Dec 21 2011

UK politician speaks truth to the City of London

Posted by: Nick Shaxson in: Thoughts

Vince Cable of the UK Liberal Democrats has said out loud what is known in the U.K. as the bleeding obvious.

“In the UK we need to put the whingeing of the City to one side and concentrate on delivering our core narrative, to achieve growth by rebalancing the UK economy. Towards advanced manufacturing, creative industries, higher education and professional services – and therefore with less reliance on banking – from London to provincial Britain. The bankers don’t speak for Britain; the coalition will not put their interests above the rest of the country.”

Of course he is right. Everyone, bar a clownish London Mayor or two, knows it. But still, I think these words are, despite being obvious, remarkable. The reason is that so few politicians in the UK dare speak out against the City. While researching Treasure Islands I remember having a lunch in the House of Lords and trying to get my interviewees, whose background had led me to suppose would be worried about the power of the City of London, to criticise it.

They wouldn’t do it. The City is the Golden Goose, they said: don’t knock it. Even after all that had happened. More recently, I spoke to an influential and well known Labour Party official. Same story. The fear that the City of London in the corridors of power is palpable. A third UK politician described it to me in simple terms: cross the City, and your career starts to look risky. (I describe the sellling of the Labour Party’s soul in Treasure Islands.)

And in fact, if you read Cable’s article in full, he rows considerably back from the bold statement I’ve highlighted here. He rightly identifies the City as being not a monolith, but a “complex ecology” of interests: some more harmful than others:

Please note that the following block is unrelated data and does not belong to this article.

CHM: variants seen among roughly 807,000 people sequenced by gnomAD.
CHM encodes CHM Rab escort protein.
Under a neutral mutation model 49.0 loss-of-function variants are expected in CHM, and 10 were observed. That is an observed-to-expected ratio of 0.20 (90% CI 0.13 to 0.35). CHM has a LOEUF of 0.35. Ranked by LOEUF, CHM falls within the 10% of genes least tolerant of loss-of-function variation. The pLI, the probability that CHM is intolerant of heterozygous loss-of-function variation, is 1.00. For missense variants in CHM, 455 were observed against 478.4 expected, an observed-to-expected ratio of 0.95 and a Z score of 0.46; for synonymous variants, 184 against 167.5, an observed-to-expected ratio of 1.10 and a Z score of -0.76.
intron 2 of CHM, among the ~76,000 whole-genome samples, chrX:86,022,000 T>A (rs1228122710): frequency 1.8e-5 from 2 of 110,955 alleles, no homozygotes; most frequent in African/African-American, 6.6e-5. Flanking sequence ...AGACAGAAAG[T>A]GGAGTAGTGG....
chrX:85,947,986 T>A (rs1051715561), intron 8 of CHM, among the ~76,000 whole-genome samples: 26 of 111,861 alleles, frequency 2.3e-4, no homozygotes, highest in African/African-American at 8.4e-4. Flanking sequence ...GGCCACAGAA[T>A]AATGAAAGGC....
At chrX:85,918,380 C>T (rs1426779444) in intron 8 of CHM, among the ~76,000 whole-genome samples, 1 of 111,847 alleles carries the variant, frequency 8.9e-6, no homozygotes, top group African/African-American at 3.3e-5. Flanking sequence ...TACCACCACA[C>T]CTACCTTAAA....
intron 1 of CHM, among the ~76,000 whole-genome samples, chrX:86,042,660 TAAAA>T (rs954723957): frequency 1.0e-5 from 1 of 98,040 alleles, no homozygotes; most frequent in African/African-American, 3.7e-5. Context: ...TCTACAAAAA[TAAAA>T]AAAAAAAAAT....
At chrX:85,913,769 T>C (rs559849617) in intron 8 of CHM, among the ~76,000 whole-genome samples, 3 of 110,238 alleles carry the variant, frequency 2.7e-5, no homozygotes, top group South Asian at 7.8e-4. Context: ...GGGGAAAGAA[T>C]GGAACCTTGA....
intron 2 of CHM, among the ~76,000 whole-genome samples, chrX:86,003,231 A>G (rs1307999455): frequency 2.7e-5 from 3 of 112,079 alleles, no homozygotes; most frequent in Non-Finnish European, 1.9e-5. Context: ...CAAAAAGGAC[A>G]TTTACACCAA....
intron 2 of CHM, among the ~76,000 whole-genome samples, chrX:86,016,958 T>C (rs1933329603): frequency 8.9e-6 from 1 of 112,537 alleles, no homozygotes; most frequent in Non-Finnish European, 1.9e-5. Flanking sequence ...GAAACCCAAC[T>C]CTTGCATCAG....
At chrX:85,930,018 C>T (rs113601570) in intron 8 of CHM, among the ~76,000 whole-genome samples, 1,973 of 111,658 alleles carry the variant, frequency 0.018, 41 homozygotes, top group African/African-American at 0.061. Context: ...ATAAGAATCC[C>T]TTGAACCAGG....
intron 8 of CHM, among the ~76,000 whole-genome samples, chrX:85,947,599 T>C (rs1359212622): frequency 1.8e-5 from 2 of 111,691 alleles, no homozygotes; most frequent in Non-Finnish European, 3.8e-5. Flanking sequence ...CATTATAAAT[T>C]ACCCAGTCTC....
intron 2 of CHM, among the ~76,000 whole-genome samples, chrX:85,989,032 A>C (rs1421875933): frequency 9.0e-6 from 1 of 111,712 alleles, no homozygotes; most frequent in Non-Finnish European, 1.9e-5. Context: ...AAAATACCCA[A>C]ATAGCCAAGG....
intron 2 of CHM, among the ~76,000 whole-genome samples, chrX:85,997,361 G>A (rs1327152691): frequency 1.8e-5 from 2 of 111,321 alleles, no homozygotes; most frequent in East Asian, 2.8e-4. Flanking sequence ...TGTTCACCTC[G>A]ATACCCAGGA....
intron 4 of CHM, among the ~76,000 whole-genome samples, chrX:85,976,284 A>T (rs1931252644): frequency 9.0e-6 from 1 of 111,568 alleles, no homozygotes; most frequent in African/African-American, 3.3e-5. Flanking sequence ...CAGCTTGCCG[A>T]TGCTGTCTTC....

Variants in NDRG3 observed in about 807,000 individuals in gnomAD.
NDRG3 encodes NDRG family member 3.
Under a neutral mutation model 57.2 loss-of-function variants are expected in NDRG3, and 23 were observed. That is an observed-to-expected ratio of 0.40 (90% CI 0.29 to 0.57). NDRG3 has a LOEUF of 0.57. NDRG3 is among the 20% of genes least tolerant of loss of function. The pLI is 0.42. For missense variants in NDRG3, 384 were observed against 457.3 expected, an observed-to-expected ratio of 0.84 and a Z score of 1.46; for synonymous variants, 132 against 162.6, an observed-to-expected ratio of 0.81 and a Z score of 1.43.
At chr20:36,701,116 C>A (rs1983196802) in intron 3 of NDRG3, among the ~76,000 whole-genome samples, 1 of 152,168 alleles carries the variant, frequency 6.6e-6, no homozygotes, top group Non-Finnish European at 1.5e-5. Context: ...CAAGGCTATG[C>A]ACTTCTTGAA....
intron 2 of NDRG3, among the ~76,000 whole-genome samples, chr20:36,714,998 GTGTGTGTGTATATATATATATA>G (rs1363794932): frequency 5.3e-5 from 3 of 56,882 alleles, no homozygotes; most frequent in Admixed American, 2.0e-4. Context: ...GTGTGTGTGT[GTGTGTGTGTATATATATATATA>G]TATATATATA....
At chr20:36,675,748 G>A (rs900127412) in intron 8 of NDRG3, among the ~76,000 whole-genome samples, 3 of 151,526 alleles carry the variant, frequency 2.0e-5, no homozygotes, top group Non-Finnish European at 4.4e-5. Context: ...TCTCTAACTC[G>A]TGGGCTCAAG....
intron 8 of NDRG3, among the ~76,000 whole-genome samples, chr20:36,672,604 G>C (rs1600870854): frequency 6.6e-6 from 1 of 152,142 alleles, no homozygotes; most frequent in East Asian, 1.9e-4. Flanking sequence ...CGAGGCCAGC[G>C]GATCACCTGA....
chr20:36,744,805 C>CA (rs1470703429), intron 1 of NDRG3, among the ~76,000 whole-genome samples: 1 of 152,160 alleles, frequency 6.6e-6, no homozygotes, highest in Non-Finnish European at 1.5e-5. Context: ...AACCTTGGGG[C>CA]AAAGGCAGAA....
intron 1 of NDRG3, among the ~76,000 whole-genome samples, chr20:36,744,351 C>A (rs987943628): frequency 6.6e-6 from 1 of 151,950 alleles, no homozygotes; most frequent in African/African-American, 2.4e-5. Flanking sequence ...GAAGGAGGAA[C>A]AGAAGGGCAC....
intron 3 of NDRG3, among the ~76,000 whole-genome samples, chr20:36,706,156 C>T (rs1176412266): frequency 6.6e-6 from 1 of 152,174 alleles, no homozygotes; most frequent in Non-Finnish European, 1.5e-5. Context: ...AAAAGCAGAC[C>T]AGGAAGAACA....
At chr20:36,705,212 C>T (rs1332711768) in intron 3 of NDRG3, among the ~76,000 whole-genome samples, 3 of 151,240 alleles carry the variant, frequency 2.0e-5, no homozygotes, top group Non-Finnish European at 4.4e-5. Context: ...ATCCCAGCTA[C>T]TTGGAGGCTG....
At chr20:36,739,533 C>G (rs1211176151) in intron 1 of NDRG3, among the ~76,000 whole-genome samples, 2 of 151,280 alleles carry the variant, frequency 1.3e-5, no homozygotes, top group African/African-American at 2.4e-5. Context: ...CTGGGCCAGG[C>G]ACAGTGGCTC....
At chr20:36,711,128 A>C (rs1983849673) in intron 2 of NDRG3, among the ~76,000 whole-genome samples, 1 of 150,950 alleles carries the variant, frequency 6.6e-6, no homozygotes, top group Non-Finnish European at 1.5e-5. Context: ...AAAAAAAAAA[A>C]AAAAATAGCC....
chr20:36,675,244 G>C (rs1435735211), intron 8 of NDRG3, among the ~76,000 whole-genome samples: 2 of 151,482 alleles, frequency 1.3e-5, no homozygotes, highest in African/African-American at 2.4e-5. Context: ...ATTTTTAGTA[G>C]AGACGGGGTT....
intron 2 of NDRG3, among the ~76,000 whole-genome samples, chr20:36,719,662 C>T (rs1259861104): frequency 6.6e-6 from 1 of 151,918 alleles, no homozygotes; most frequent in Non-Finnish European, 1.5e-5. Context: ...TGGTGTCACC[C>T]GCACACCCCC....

“Even within the banking sector, which has caused so much reputational damage to the City, it is a small number of rogue institutions and the sub-caste of traders in investment banks who have caused most of the damage.”

But overall I think that he is too timid on the City: the harm caused by over-sized financial services is bigger than Cable supposes: not just in terms of the instability and the financial crisis, but even before the crisis hit (more on this soon; hopefully next month). Still, it is truly courageous of Cable to stand up and say what so many British polticians are afraid to say. He is quite right to explain that the interests of the City of London do not, repeat not, equate to the national interest.

I notice that attacks on the financial industry in the Cayman Islands or Jersey, for instance, are nearly always dismissed as ‘anti-Cayman or ‘anti-Jersey. It is an insidious argument, which too many people swallow. It must be confronted. And one of the best ways to speak about it, in political terms, is to fight for the importance of a rebalancing of the economy. This is a vote winning strategy.

There is, as I mentioned yesterday, a whole new type of politics opening up here, which straddles the left-right divide.

It is unfamiliar, but it will be a measure of the courage of politicians whether they grasp this politics, as Cable tentatively has, or run away from it, whimpering.

One can think of catchy ways to describe the new politics. How about

“Ignore the City’s whingeing, and rebalance the economy?”

“Rebalance the economy to attack financial corruption.”

“The bankers don’t speak for Britain.”

You know, stuff like that. It can be done. The new politics: it’s there for the taking.

one comment

Bill Kruse 12st December, 2011 10.55 am

One way of rebalancing the economy would be for government to take back the right to create money from the bankers who are currently allowed to create money out of thin air, and do, and then lend it to the government at interest, as they do, which we are then expected to spend our lives working to pay off, as (largely unknowingly) we do. I wait for Vince to put flesh on the bones of his declaration in this regard… but I don’t hold my breath.

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